Mid-Atlantic
Dunes in North Topsail Beach were washed over and the sand was transported landward during Hurricane Florence in 2018, covering the road and driveways. Photo: U.S. Geological Survey

Local Taxes Could Fund Storm Repairs, Inlets

RALEIGH – For coastal North Carolina, where many communities are still reeling from the effects of last year’s storms, the top local requests for help from the General Assembly so far fall in two interrelated categories: sand and money.

With the cost estimates for beach repairs, inlet dredging and infrastructure upgrades far outstripping state and federal resources, local governments are looking at ways to raise more money on their own.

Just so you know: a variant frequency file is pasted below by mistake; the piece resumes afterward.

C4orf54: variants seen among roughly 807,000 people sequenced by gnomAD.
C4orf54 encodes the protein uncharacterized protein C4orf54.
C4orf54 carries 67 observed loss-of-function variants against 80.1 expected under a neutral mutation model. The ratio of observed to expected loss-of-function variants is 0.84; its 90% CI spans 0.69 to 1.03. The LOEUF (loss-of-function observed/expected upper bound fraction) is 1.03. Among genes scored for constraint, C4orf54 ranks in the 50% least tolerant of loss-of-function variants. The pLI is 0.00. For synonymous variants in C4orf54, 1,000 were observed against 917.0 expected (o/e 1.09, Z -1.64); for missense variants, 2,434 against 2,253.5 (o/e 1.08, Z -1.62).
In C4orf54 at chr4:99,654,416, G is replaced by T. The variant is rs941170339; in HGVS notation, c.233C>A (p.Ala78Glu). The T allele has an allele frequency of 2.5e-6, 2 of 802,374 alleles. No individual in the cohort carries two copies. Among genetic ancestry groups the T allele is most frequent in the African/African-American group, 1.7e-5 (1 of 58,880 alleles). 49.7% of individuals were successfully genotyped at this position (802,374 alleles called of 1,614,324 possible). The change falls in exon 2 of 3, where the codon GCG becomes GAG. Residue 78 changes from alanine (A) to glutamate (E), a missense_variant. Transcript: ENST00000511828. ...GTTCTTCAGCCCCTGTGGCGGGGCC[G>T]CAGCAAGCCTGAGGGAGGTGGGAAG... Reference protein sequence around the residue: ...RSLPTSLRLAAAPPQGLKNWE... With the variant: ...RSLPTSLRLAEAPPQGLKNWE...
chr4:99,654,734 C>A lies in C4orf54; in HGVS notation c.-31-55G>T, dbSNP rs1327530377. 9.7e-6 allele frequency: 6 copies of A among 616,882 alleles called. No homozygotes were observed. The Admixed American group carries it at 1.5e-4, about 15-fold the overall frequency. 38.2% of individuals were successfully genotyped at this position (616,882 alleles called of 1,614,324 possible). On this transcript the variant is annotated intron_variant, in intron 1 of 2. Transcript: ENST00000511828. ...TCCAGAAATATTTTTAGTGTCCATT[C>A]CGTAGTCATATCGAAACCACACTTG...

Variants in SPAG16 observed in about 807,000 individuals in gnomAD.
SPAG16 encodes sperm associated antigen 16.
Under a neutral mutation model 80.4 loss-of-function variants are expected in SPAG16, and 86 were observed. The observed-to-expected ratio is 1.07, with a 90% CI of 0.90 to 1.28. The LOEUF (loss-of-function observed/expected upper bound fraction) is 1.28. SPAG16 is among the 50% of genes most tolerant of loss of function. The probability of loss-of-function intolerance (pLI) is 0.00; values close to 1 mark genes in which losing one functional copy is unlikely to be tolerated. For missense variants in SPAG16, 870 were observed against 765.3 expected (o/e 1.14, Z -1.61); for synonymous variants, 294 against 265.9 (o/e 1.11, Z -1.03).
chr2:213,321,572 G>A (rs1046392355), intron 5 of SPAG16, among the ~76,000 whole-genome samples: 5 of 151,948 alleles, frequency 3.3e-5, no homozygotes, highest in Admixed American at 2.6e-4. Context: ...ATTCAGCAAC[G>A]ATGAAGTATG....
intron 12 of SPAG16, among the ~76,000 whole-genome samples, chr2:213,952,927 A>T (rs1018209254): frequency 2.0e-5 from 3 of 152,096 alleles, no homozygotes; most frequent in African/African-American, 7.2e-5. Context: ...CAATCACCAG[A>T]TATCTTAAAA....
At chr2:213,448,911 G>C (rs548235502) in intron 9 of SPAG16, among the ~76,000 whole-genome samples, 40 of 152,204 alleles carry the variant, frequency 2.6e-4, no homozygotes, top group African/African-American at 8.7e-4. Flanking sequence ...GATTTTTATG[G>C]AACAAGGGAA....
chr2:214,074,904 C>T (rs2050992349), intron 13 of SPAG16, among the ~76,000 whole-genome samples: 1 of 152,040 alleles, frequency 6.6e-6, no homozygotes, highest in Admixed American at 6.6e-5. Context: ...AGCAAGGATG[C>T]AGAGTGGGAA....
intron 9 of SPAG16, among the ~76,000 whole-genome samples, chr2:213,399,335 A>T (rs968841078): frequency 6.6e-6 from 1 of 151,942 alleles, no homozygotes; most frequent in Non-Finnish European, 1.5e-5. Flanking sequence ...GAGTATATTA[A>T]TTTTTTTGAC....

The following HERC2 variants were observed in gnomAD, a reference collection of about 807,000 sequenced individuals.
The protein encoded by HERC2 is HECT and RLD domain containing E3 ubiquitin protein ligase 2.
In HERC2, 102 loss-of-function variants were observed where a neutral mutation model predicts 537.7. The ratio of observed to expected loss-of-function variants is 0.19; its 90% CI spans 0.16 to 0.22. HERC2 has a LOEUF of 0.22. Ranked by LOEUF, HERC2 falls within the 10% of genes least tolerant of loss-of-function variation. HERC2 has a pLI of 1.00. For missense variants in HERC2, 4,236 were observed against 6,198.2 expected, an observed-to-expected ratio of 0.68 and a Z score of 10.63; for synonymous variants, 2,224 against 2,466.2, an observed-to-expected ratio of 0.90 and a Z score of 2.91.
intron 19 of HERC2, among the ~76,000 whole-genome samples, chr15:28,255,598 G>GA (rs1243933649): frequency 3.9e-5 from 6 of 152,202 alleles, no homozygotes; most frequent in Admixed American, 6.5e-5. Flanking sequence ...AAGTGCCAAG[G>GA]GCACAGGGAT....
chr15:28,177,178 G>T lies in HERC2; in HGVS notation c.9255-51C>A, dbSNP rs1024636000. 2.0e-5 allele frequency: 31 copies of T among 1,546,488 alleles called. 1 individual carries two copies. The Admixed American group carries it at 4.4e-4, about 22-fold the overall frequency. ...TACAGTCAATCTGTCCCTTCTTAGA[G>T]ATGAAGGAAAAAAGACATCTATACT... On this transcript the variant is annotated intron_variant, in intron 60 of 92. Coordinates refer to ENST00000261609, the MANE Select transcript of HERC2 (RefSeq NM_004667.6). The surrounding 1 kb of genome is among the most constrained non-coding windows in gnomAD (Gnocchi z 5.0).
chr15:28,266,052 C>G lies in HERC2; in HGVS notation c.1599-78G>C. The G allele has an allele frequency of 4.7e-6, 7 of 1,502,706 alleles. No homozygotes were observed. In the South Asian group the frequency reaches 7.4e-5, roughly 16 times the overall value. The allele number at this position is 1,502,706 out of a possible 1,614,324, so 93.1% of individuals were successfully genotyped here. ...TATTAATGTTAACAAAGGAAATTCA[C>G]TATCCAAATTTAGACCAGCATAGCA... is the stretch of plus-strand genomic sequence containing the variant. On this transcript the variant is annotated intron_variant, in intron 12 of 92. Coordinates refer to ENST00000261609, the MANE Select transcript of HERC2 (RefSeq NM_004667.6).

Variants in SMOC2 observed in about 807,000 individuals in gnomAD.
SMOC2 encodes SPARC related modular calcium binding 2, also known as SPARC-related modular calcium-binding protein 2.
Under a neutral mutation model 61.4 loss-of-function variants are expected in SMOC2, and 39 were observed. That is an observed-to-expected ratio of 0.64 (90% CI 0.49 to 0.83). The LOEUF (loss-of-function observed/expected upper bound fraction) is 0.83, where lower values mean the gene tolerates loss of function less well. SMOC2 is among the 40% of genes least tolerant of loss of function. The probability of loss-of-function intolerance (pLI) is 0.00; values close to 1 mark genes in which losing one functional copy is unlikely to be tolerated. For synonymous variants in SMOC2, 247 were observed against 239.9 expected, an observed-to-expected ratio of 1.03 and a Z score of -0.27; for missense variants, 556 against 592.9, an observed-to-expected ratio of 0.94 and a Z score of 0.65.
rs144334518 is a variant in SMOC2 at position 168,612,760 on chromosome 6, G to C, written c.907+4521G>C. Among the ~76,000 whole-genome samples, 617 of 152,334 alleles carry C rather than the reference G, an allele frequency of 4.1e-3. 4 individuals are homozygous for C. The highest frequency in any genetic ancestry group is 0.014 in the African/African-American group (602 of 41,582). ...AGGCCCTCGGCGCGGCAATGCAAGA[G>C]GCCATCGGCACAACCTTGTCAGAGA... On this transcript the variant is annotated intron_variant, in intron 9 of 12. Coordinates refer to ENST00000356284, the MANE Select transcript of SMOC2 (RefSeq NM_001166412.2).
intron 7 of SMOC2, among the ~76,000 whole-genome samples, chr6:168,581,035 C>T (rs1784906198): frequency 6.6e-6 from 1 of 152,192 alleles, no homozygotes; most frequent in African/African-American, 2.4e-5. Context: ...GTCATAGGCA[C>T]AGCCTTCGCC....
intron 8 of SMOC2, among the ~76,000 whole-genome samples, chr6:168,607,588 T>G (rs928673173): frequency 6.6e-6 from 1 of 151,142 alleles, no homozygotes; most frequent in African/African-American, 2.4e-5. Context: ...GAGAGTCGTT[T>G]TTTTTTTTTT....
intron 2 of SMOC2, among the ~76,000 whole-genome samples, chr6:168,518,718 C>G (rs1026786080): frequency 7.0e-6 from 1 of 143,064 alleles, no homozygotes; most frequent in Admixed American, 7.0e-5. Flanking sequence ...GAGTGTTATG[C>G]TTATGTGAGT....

Senate Majority Leader Harry Brown, R-Onslow, said there’s a growing worry about the economic impact of damaged beaches and out-of-commission vacation properties going into this year’s tourist season.

“There are some coastal issues, some beach issues we’ve got to take a look at, especially as it relates to tourism, because some of those beaches got beat up pretty bad,” Brown said Thursday in an interview with Coastal Review Online. He said it’s a concern for all coastal counties because of the tax revenue that could be lost.

Brown said the last hurricane-relief bill, which passed in December, included $18.5 million in state funds for beach and coastal infrastructure repairs, and this year there will be a need for additional money to keep rebuilding efforts going.

“There’s a lot of work being done down there, but there’s a lot of work to be done,” he said.

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